After anchoring in Rescue Bay with a beautiful view up Mathieson Channel, we paddled the perimeter and down into Jackson Narrows, discovering a Marine Parks sign. About a dozed seals were hanging out in Rescue Bay, following our kayaks, startling us with loud snorts, and thrashing around and even leaping clear out of the water. We’re sharing this anchorage with one other boat.
Friday, June 28
Ron promised me a quick and easy stroll to Sagar Lake, with its unusual red sand beach, before breakfast and coffee this morning — but no, it wasn’t so quick or easy. The trail was quite muddy (good thing I wore my gumboots!) although boardwalks had been installed in places, and it was a good half hour both ways with lots of scrambling over roots and up rocks. Our memory of the last time we walked that trail has obviously faded. The forest was beautiful, though, when I could lift my eyes from my feet, and the lake was lovely and serene. Until we came across the pile of bear scat on the beach. Ron assured me it was old scat but we turned around and headed back to the boat (and coffee) anyway.
Leaving Codville Lagoon we could see that HB and her calf a little further north in Fitz Hugh, and other blows to the south, then entered Lama Passage for a quiet trip up to Shearwater. It was raining when we left and it hasn’t stopped since. We bought moorage at Shearwater Marine, thinking we would have good wifi service and could get caught up with blogging and business emails. Nope. It seems the good coverage is at Bella Bella and service here is intermittent. Oh well, we got showers and a good pub dinner, and persevered enough to get some work done. We’ve decided our turning point will be Laredo Inlet on Princess Royal Island and will continue on in that direction tomorrow.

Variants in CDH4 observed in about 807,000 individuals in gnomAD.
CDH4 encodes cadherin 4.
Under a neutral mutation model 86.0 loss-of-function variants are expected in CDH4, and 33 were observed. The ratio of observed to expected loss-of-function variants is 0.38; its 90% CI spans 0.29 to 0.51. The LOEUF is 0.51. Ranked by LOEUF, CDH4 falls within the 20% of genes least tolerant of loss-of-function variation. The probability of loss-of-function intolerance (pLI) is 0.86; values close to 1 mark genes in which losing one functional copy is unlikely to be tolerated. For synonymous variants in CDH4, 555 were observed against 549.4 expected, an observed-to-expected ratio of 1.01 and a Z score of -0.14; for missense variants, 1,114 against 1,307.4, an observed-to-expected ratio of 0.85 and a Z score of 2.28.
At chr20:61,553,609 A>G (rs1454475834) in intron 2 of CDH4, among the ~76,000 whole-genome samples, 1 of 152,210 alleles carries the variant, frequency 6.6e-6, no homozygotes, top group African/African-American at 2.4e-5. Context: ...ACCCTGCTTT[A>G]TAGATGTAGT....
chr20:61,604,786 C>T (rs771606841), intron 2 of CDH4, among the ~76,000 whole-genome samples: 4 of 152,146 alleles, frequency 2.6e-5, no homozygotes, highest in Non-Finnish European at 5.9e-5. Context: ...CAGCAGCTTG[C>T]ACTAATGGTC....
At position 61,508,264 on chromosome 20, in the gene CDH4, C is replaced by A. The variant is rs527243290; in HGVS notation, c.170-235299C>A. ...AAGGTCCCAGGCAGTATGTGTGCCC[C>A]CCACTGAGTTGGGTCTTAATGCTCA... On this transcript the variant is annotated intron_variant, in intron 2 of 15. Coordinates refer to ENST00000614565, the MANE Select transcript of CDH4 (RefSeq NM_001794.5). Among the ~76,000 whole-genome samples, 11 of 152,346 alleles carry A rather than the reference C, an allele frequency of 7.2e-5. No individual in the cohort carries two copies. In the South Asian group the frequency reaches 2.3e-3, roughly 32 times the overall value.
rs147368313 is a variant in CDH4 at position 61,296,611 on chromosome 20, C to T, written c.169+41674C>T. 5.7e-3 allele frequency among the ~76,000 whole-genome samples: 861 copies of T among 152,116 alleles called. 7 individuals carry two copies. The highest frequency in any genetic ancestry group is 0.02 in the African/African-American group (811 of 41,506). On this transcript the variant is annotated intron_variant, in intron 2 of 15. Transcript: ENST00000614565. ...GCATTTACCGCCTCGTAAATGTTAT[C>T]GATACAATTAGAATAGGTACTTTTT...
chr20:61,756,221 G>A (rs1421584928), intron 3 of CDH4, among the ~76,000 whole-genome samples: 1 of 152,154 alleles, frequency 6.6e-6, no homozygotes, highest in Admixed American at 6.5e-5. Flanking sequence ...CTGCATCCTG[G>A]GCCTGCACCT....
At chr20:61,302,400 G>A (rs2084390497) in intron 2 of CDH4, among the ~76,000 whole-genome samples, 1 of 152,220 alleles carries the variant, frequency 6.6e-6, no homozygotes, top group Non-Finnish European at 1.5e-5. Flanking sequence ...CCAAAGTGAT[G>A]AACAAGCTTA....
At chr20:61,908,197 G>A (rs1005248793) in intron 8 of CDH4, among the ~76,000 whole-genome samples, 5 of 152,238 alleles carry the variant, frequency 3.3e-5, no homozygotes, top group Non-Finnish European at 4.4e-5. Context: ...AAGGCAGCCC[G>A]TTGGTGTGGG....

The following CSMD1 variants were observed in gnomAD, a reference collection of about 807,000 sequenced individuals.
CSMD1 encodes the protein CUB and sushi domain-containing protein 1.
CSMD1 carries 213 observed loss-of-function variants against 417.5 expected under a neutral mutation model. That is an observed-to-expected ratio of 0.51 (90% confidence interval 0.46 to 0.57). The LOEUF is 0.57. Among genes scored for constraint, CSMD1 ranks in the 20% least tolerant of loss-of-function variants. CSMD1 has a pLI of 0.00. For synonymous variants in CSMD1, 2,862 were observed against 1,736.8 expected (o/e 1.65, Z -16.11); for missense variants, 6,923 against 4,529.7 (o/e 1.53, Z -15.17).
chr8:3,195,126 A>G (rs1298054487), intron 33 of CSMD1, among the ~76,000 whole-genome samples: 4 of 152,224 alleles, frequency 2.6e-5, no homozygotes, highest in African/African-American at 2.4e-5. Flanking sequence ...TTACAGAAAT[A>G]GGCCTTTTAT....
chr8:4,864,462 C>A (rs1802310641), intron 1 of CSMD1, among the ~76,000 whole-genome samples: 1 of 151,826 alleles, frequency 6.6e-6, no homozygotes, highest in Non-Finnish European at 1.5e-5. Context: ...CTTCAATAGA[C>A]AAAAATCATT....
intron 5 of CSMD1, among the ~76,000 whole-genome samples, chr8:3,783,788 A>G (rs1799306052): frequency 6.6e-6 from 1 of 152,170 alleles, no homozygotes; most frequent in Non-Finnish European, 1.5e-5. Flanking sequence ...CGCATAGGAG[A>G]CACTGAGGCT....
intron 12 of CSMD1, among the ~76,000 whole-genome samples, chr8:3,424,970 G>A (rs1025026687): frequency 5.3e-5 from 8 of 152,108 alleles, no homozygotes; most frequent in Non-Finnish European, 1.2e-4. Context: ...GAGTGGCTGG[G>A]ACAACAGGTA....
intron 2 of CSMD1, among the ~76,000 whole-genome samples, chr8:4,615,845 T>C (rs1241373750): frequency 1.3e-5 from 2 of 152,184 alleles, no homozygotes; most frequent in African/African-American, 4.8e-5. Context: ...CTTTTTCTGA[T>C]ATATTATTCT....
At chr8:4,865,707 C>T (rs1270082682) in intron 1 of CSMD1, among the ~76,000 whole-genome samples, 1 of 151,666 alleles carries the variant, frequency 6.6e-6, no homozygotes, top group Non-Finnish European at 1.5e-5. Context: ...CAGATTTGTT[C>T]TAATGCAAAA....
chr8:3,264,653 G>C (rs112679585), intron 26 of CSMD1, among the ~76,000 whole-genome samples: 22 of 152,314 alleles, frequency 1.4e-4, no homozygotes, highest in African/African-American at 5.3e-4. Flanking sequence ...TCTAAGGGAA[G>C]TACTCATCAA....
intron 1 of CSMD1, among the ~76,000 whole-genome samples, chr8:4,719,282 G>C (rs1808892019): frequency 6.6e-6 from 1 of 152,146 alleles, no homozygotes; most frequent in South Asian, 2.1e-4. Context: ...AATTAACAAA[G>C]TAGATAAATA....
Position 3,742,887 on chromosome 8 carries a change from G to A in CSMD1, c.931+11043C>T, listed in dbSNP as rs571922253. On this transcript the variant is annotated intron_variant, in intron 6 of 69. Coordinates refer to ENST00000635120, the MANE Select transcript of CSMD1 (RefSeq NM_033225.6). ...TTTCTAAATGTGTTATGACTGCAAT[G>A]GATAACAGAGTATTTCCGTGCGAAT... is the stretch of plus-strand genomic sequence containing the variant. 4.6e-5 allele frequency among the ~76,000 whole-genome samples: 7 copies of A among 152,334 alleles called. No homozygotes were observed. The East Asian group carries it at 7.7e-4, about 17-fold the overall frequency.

Thursday, June 27
Today’s plan was to head out onto Fitz Hugh Sound and get ourselves up to Codville Lagoon in time for a walk up to Sagar Lake. We were out in the middle of the sound when a large group of Pacific white-sided dolphins came towards us. They were leaping clear out of the water and dashing back and forth like crazy. A few approached Snug as they passed, and swam briefly in the bow wave, but didn’t linger long. At the same time there were a couple of whales off in the distance close to the mainland shore, likely humpbacks from what I could see. Then we noticed blows on the Hunter Island side — another group of four HBs were milling around. We slowed to watch them, and no sooner were underway again than we overtook two more HBs close together in mid channel. One was tail lobbing and generally fooling around, making us suspect it was a female and her calf. Man, it’s hard to get any knitting done out here!